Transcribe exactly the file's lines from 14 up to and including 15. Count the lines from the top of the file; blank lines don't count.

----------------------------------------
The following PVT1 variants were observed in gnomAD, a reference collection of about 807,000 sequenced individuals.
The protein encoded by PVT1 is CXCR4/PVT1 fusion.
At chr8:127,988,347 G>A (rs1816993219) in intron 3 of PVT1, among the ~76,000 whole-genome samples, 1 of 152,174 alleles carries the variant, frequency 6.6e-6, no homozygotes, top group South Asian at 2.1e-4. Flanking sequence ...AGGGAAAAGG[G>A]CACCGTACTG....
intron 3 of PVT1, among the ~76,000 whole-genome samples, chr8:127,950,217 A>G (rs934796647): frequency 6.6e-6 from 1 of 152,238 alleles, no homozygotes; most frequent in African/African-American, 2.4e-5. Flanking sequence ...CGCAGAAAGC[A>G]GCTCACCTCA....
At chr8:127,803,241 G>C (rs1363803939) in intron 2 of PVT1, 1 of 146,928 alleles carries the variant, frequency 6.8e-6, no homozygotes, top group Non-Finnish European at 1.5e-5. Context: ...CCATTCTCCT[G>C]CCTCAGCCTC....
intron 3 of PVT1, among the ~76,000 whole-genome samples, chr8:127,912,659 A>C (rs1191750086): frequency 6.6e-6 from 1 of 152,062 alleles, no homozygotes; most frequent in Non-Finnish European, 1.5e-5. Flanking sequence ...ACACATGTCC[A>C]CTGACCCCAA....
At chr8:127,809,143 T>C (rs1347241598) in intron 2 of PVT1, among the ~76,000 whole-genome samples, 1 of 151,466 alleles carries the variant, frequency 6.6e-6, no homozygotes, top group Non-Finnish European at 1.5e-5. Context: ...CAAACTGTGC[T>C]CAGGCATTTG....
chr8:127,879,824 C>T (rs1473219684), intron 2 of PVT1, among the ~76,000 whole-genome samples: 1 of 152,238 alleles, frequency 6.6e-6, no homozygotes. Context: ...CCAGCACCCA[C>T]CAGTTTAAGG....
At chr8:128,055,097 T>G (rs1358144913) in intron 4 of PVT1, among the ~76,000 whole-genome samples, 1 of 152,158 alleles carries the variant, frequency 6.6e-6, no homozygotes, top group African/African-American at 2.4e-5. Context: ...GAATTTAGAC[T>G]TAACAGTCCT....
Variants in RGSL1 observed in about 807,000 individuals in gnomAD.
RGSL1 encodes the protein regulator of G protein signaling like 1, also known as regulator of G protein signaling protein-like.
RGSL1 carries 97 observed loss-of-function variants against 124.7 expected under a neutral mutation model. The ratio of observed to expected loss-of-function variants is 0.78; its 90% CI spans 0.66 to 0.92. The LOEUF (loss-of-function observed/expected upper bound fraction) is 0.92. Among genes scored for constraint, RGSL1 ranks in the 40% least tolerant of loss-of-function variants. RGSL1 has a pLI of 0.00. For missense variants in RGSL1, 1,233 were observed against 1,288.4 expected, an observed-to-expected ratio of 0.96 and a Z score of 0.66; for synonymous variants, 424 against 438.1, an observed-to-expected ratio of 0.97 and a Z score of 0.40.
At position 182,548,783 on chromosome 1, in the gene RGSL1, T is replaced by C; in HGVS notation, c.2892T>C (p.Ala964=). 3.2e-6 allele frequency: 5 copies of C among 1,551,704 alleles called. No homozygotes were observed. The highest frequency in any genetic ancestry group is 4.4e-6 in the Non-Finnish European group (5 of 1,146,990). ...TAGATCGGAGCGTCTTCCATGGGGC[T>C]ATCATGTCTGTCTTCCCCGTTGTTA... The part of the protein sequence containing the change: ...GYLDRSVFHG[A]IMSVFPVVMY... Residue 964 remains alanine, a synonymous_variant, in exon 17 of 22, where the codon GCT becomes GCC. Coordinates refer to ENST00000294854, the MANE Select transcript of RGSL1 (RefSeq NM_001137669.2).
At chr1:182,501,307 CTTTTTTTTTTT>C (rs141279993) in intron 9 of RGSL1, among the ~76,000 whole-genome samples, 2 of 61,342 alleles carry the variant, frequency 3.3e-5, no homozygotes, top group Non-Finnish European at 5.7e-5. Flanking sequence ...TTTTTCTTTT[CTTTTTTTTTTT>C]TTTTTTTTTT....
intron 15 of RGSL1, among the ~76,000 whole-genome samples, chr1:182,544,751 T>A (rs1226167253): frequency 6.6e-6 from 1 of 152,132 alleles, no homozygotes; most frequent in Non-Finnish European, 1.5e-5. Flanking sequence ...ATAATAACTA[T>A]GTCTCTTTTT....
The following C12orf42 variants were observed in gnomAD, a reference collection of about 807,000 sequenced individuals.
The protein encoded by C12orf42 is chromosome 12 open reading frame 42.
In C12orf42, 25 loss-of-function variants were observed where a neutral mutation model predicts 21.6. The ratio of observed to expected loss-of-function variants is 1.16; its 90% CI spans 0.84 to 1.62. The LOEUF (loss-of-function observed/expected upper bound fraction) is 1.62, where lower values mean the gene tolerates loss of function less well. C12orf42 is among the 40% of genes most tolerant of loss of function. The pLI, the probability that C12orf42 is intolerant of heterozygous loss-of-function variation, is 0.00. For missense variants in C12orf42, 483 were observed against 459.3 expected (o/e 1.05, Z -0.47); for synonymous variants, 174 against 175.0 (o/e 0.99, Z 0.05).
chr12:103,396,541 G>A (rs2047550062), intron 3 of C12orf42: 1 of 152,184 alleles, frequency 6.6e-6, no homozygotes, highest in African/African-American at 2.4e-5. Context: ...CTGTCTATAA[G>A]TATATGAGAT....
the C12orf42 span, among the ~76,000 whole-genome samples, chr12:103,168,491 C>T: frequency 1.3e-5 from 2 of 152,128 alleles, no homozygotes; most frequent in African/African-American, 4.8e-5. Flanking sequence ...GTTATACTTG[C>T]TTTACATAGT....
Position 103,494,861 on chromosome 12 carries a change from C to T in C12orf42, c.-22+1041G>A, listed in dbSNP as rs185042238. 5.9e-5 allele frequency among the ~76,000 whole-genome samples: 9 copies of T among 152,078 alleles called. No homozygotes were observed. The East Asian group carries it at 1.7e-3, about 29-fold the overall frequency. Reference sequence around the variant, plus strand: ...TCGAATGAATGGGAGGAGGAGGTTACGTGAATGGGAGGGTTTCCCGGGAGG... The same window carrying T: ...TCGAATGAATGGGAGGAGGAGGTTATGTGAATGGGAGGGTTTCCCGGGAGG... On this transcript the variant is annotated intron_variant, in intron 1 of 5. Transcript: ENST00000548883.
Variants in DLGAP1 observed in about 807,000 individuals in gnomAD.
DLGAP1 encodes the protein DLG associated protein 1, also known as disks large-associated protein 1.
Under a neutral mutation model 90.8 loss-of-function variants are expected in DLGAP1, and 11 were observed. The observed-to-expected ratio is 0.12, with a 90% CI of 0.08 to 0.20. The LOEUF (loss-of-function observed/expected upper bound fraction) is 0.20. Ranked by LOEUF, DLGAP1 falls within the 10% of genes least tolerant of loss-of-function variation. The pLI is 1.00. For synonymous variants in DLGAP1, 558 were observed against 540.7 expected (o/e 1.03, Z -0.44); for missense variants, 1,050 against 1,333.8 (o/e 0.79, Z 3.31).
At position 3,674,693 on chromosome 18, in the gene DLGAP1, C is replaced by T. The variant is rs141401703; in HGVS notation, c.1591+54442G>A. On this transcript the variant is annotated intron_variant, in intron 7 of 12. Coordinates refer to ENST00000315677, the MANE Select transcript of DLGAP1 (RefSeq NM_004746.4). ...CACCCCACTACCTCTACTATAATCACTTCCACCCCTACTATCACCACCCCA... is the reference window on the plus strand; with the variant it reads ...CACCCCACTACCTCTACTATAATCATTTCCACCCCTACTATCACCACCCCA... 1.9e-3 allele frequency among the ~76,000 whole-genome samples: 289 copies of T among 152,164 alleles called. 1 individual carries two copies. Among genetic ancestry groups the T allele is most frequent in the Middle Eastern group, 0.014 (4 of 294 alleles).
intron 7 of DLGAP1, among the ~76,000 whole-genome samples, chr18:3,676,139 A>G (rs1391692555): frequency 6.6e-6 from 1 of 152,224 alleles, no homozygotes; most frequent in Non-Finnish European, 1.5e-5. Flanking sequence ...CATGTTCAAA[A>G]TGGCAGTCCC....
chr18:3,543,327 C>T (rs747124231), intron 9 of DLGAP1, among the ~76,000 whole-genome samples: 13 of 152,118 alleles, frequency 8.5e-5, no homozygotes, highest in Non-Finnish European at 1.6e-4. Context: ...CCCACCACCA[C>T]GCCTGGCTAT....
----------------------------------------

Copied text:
At chr1:182,501,307 CTTTTTTTTTTT>C (rs141279993) in intron 9 of RGSL1, among the ~76,000 whole-genome samples, 2 of 61,342 alleles carry the variant, frequency 3.3e-5, no homozygotes, top group Non-Finnish European at 5.7e-5. Flanking sequence ...TTTTTCTTTT[CTTTTTTTTTTT>C]TTTTTTTTTT....
intron 15 of RGSL1, among the ~76,000 whole-genome samples, chr1:182,544,751 T>A (rs1226167253): frequency 6.6e-6 from 1 of 152,132 alleles, no homozygotes; most frequent in Non-Finnish European, 1.5e-5. Flanking sequence ...ATAATAACTA[T>A]GTCTCTTTTT....